I also wanted to provide a quick update on progress on the Renaissance Nashville renovation in conjunction with the Nashville Convention Center redevelopment. The first phase of the redevelopment is winding down, which will return the grand ballroom, junior ballroom and a stunning new conference center lobby back to the hotel in early April.
Upon completion of that new meeting space, we will continue to have approximately 13,000 square feet of meeting space in the Nashville Convention Center under renovation until early 2019 as well as 14,000 square feet of meeting space in the main hotel tower under renovation for May through November of 2018 in conjunction with the upcoming lobby renovation.
Despite the disruption from the meeting space transformation, the properties continue to achieve positive results, which we attribute to our strong partnership with Marriott.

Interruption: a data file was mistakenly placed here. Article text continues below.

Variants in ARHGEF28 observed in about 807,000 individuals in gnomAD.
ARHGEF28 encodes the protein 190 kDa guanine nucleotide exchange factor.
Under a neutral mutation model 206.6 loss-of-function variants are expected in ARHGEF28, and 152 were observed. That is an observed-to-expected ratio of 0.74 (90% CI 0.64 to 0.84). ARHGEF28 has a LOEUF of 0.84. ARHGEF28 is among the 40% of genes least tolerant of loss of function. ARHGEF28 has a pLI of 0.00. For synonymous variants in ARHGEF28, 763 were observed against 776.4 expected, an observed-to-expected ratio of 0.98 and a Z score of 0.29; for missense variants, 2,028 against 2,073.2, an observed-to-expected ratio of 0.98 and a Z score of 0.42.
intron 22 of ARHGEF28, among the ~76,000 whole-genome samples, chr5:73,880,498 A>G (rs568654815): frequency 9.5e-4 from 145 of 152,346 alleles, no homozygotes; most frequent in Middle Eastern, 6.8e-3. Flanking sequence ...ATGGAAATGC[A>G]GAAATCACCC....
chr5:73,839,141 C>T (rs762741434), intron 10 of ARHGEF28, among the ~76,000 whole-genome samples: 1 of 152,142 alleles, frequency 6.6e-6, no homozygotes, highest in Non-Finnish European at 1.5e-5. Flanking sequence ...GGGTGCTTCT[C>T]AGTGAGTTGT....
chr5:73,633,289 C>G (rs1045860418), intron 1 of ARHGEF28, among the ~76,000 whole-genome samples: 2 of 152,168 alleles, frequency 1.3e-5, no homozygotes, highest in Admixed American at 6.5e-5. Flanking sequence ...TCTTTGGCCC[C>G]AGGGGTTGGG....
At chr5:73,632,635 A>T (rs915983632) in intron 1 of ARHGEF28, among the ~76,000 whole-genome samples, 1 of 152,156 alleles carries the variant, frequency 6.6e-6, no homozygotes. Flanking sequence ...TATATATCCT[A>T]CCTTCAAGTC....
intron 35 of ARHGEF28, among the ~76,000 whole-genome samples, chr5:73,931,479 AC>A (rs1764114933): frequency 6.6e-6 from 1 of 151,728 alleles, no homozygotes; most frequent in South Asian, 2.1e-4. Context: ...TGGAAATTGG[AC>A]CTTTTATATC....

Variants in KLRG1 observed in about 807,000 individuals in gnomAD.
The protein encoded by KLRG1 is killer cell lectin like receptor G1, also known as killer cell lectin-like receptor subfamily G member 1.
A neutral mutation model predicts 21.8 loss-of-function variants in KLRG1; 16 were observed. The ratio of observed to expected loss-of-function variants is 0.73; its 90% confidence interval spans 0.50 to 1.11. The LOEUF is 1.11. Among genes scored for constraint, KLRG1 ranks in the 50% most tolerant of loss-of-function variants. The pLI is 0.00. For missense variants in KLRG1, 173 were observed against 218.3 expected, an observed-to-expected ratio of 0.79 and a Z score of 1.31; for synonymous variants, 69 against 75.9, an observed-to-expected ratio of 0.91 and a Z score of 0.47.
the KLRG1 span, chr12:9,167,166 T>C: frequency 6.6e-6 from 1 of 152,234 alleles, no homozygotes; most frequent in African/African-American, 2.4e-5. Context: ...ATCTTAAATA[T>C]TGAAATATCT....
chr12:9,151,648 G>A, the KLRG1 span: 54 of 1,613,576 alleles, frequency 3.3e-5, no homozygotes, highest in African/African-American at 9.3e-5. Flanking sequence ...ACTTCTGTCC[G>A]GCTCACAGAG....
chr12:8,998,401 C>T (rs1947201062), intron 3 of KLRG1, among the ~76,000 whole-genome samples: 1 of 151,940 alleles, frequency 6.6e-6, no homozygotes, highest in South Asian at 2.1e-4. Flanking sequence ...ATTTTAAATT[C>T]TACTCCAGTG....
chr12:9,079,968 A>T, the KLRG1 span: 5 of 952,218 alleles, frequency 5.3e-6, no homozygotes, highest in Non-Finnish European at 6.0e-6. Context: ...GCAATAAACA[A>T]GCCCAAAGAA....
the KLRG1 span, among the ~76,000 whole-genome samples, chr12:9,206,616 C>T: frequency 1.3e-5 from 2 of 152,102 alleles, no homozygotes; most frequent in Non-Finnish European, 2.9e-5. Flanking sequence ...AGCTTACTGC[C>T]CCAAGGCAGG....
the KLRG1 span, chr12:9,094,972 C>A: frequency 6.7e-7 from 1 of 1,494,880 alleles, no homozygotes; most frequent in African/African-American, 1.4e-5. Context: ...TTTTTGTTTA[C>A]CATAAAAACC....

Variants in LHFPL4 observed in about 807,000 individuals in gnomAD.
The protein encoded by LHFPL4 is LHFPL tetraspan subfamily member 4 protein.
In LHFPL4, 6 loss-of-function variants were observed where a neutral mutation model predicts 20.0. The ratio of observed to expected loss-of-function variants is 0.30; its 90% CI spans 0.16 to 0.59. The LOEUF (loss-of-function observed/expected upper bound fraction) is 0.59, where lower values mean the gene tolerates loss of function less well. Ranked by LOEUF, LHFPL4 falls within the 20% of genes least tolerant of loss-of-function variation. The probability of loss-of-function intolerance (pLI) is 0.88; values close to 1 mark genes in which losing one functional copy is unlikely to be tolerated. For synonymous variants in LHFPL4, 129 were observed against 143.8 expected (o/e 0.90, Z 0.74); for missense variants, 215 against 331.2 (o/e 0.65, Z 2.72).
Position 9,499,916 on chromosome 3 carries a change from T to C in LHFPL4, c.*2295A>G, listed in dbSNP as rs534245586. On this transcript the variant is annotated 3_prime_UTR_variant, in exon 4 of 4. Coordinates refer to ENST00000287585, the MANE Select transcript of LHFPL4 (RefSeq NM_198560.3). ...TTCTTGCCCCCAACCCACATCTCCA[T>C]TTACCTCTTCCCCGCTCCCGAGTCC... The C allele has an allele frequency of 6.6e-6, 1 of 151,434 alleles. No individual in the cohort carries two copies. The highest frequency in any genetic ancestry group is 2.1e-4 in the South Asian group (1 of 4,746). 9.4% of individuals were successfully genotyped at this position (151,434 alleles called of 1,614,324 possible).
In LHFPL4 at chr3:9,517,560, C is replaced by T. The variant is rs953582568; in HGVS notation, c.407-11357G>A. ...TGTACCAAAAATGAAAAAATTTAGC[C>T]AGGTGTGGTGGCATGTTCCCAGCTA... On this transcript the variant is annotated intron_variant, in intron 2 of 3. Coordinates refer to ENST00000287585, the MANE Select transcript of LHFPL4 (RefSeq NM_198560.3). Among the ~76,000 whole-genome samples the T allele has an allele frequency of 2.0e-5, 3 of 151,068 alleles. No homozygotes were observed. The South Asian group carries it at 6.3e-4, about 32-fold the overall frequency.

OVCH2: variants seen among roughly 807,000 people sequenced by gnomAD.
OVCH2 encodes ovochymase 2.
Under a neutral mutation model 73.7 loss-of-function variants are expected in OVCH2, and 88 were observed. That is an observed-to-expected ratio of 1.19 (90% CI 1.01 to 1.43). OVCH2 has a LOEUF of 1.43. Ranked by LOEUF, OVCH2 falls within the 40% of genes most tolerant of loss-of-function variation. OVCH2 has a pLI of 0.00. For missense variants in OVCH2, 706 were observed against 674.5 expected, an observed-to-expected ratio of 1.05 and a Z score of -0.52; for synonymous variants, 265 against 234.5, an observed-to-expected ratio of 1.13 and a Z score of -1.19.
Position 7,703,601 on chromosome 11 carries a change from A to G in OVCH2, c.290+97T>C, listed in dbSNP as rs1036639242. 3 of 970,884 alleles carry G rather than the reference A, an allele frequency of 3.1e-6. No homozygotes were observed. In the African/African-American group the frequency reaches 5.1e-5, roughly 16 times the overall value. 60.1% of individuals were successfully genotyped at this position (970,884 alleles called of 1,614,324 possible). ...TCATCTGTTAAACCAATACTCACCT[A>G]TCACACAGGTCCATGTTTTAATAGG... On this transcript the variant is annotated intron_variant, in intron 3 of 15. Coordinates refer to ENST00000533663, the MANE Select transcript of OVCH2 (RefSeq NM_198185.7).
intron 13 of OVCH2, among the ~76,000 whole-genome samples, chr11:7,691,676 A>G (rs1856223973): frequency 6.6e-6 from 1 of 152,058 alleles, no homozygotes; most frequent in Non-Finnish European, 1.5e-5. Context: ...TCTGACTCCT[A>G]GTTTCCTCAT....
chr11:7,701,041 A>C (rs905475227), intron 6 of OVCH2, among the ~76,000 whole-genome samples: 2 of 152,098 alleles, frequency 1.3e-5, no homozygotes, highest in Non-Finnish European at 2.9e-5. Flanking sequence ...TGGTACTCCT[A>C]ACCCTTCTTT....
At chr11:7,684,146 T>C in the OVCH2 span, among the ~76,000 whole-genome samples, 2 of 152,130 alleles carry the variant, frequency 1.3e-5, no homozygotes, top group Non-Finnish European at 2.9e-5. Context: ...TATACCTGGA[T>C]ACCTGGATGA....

During the fourth quarter, RevPAR grew 4.8% and hotel EBITDA flow-through was 69%, We look forward to the completion of this transformational change to Nashville's downtown with the addition of a new office tower, residential, retail and museum, all adjacent demand generators and sharing the same city block with our Renaissance Nashville.
During 2018, we will continue to invest in our portfolio to maintain competitiveness. In total, we estimate spending approximately $165 million to $185 million in capital expenditures during the year, which is lower than our 2017 spend of approximately $222 million.
CapEx will primarily be comprised of guestroom renovations at the Hyatt Regency Coral Gables, Westin Princeton, Ritz-Carlton Atlanta and the Hotel Indigo Atlanta. In addition to these guestroom renovations, we will complete a comprehensive lobby and restaurant repositioning at the Renaissance Nashville. As you can see, we have been very active recently in refreshing our high-quality hotels.